Modify the POD part =head1 NAME with a more humble and meaning description: Range::Validator - a simple module to verify array and list ranges
Change the =head1 SYNOPSIS part too, removing unneeded text and changing code lines ( see below ): we do not do an object oriented module, so no new method for us. You plan to accept both real ranges and strings representing ranges.
So, if you followed me, the module must look like:
Ok? Let's check our new POD is correct: open the shell in the directory created yesterday /path/to/Range-Validator and run the following command: perldoc ./lib/Range/Validator.pm
Review the POD. It must be ok.
step 2) first test
Now we test if the module syntax is correct. The first simple method is a short one liner using the perl option -I to include ./lib in @INC and -MRange::Validator to use our module( see perlrun and perlvar ):
No errors: good! the module can be used and has no syntax errors. But.. one moment: we want to try out all our features, and we plan to add many, using one liners? Are we mad?! No; we will use tests.
Tests are wonderful in perl and planning good tests (a test suite) will save a lot of time in the future and makes your code maintainable. The time you invest writing tests while coding will save a lot of time in the future when you modify the code base. I'm not a theoric of software writing nor an orthodox of test driven development, but to write tests while you code is a very good practice. You can even write tests before coding ie: you write something that test a wanted behaviour, you run it expecting a failure, then you write the code that make the test happy. This is up to you.
What is not a choice is having no test suite or writing all tests at the end of code development. No.
In the day one we used module-starter to produce a skeleton of our module. module-starter was so kind to write a bounch of tests for us in the standard directory /t (ie tests). Tests are run normally during the installation (sorted by their names) of the module but, as we already said, they are the main source of serenity for us as developers. So let's see what module-starter wrote inside /t/00-load.t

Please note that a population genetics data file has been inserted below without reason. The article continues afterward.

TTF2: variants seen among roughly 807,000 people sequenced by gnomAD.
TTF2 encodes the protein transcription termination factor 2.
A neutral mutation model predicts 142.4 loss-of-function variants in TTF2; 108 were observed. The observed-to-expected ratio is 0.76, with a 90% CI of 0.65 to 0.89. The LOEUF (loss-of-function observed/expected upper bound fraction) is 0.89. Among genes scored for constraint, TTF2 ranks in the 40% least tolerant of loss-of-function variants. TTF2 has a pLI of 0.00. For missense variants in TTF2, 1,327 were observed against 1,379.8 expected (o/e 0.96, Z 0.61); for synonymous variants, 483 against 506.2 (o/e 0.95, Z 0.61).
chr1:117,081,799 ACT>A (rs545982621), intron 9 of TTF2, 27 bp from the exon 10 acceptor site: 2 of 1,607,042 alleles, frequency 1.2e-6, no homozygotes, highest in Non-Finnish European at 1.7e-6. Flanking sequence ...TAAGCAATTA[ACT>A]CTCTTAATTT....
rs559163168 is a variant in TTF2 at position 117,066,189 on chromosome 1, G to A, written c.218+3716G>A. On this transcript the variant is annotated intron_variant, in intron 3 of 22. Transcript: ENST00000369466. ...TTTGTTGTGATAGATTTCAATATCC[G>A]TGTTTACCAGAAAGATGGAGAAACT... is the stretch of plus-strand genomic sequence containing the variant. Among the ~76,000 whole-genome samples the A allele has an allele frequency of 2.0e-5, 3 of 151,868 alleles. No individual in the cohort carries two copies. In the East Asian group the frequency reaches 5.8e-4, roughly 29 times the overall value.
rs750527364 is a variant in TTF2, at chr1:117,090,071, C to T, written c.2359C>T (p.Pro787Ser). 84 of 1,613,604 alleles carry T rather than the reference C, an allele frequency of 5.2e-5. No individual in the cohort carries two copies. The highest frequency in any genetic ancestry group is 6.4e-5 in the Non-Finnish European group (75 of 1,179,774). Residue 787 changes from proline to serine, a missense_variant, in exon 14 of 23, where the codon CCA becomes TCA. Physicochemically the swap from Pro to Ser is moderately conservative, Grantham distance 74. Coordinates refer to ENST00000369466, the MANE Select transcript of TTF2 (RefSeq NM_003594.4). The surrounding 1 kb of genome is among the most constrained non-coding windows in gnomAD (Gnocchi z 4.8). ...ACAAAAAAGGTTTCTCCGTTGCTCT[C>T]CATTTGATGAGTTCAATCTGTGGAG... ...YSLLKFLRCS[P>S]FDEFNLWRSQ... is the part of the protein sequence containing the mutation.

This perl program use strict and wanrings (you already know they are friends, do you?) then load the core module Test::More which generally requires that you declare how many tests you intend to run ( plan tests => 1 ) then inside the BEGIN block use its method use_ok that loads our own module and in case of failure print "Bail out!\n" aka "everything went wrong, leave the boat".
If the above succeeded Test::More calls diag that emits a note with the text specified, useful to have while reviewing test output. The module also has the note method that I prefer. Go to the module documentation to have an idea of Test::More
So, instead of the one liner we can safely call this test:
The test crash because of the -T that turns taint mode on. Taint mode is base of the security in perl, but for the moment we do not need it enabled, so we remove from the shebang line which will result in #!perl (read about taint mode in the official perl documentation: perlsec).
(Note that removing -T switch is not the best thing to do: perl -T -I ./lib ./t/00-load.t is by far a better solution).
After this change the test will run as expected:
Wow! we run our first test! ..yes, but in the wrong way. Well not exactly the wrong way but not the way tests are run during installation. Test are run through a TAP harness (TAP stands for Test Anything Protocol and is present in perl since ever: perl born the right way ;).
With your perl distribution you have the prove command (see its documentation) that run tests through a TAP harness. So we can use it.